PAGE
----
About You and I
Kheoshi Owens, MBA, Founder of Empress Rules
My name is Kheoshi Owens, and I am a North Portland native and the Founder of Empress Rules. This organization is named for my daughter because as a mother, I want my daughter to be seen, heard and validated for all that she is. Her race, gender or ability should not be a determinate factor of her success or anyone else's.
My passion for equity began at the young age of 19 when my partner was brutally murdered in front of me. I wanted to hate the person who killed my partner, but instead, I began to wonder, "How did this person get to the point that they could take a precious life so easily?" I wanted to do everything that I could to prevent that experience from happening to anyone else.
I dedicated my life to social justice and promoting equity for our most vulnerable populations. I believe that every person deserves to be seen, heard, and validated. I have worked to promote equity with disadvantaged communities for close to 20 years now.
I matched over 270 youth with mentors in the community. At Opens School NW, I worked with over 1,000 students, and under my leadership, we successfully closed the racial achievement gap for kids of color, transforming the Roosevelt Step Up program from 60% on track to graduate to over 90% on track to graduate for 3 consecutive years. During my tenure, I became the Lead Equity Facilitator for Roosevelt High School and a primary resource for helping to train teachers to address their implicit bias. I worked with teachers to create culturally relevant curriculum and inclusive classrooms. I am a Portland Community College Diamond Alumni and currently sit on the Council for Racial and Economic Equity for Prosper Portland.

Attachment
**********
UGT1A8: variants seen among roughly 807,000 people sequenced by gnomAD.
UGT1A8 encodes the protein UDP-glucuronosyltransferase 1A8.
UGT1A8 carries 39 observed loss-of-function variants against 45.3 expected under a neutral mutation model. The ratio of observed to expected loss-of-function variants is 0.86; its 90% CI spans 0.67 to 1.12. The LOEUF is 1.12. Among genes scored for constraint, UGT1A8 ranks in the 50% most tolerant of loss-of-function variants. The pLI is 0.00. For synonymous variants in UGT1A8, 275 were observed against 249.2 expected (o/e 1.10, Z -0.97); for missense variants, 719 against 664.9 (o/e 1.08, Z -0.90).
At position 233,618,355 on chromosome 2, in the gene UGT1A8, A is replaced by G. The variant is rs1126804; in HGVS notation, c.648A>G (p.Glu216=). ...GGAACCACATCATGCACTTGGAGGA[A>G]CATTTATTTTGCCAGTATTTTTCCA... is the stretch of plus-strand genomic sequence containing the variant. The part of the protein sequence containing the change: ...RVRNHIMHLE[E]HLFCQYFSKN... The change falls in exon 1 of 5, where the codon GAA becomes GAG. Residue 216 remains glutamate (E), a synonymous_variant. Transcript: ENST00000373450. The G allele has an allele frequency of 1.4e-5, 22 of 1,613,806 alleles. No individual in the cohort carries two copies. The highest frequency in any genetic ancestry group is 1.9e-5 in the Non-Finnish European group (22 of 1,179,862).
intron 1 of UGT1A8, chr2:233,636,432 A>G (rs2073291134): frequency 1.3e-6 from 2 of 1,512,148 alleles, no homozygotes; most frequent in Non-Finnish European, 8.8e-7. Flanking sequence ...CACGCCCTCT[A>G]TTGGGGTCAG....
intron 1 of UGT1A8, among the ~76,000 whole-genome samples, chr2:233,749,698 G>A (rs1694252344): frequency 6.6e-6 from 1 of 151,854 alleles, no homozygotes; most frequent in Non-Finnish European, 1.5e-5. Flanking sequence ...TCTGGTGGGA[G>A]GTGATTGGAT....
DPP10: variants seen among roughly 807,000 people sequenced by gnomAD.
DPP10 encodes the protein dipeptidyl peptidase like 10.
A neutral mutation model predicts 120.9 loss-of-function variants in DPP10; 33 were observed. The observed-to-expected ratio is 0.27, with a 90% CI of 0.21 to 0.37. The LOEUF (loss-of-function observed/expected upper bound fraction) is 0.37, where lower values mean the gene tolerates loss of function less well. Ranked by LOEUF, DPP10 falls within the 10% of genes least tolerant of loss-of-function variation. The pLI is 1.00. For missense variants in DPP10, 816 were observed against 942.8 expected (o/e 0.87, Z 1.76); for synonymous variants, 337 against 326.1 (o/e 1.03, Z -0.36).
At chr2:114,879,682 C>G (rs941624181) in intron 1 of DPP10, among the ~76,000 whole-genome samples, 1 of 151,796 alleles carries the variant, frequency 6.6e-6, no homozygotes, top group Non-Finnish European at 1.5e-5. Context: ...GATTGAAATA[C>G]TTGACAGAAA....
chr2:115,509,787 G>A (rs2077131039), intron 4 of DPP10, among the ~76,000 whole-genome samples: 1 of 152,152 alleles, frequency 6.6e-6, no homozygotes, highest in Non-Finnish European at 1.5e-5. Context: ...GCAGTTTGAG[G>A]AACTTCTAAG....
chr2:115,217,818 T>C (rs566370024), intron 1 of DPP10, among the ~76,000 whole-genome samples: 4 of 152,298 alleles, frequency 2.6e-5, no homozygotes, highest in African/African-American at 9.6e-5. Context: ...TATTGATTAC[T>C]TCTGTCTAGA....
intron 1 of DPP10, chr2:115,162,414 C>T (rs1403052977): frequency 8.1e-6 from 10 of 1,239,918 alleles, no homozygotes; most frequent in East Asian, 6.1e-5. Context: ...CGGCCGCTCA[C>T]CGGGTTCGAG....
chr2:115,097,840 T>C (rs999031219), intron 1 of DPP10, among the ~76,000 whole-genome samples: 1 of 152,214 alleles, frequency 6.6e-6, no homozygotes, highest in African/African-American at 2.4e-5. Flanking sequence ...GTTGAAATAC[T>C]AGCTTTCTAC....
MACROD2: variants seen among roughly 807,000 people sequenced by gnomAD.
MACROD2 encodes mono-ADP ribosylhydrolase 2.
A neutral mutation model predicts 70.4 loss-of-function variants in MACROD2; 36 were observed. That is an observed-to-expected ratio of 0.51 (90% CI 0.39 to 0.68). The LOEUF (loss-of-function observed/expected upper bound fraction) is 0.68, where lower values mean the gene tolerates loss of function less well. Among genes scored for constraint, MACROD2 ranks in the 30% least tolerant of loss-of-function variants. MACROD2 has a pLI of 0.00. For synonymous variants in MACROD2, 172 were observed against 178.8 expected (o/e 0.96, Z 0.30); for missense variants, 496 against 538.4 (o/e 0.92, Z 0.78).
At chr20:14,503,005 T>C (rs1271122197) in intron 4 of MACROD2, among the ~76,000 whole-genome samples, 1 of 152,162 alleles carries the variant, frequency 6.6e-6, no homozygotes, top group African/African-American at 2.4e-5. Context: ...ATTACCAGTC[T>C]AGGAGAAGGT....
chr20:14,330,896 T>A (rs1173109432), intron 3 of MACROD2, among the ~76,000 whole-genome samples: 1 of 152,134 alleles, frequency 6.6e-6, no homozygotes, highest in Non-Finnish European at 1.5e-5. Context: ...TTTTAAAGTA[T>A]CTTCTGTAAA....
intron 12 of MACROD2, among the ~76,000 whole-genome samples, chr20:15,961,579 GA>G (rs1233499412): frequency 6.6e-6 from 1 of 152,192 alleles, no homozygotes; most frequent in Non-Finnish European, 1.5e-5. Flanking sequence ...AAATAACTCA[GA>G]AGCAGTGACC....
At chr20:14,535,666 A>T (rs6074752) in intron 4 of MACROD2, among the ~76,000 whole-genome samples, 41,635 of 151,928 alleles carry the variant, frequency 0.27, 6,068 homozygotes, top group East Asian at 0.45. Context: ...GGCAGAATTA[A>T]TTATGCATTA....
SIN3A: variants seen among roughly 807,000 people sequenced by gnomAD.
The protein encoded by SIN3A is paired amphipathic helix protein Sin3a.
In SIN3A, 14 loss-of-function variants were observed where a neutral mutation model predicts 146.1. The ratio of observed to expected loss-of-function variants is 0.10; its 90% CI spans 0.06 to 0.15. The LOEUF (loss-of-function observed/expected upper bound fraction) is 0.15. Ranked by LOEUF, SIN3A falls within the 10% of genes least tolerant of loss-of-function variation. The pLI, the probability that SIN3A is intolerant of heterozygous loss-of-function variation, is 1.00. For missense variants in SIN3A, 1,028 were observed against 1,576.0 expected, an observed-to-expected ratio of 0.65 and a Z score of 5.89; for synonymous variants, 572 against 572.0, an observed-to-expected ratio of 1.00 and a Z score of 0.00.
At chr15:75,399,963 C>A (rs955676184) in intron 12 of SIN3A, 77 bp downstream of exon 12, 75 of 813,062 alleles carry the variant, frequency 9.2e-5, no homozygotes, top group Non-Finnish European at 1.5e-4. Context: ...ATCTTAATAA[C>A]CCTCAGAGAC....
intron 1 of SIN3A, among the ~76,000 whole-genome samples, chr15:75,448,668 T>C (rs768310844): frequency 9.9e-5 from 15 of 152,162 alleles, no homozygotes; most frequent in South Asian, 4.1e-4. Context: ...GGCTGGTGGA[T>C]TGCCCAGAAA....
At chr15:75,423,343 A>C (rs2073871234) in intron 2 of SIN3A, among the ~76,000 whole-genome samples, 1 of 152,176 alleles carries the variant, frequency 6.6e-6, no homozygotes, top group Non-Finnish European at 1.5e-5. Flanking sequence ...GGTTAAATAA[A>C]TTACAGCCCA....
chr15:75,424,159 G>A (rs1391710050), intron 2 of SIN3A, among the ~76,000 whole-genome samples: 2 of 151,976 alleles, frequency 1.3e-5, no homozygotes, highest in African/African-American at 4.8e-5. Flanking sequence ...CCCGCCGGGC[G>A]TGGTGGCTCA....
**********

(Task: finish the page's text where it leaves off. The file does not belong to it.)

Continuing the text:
As a black woman and Portland Native, I received first hand experience of being displaced from my home and discriminated against in the work place. Though organizations benefited from my work, I did not feel seen heard, or validated. I know what it is like to look at Executive Leadership and have no one there who looks like me. I know what it feels like to not being "white enough."
These acts of implicit bias began to was challenge my mental health, and I began to seek out refuge and healing with other black women and communities of color. I began to notice that our stories sounded the same. Underemployment, cultural policing, and economic stagnation.
My mission is to stop this insanity though love; love of my community, and the love of empowering individuals and organizations who understand the importance of inclusiveness. I want to empower those who understand that we are better together. We are better when we invest in each other and are allotted the freedom to be our authentic selves. As my mentors and those who have come before me have invested in me in hopes of a brighter tomorrow, let me invest in you, and let us invest in each other. I want to see you, I want to hear you, I want you to know that you matter...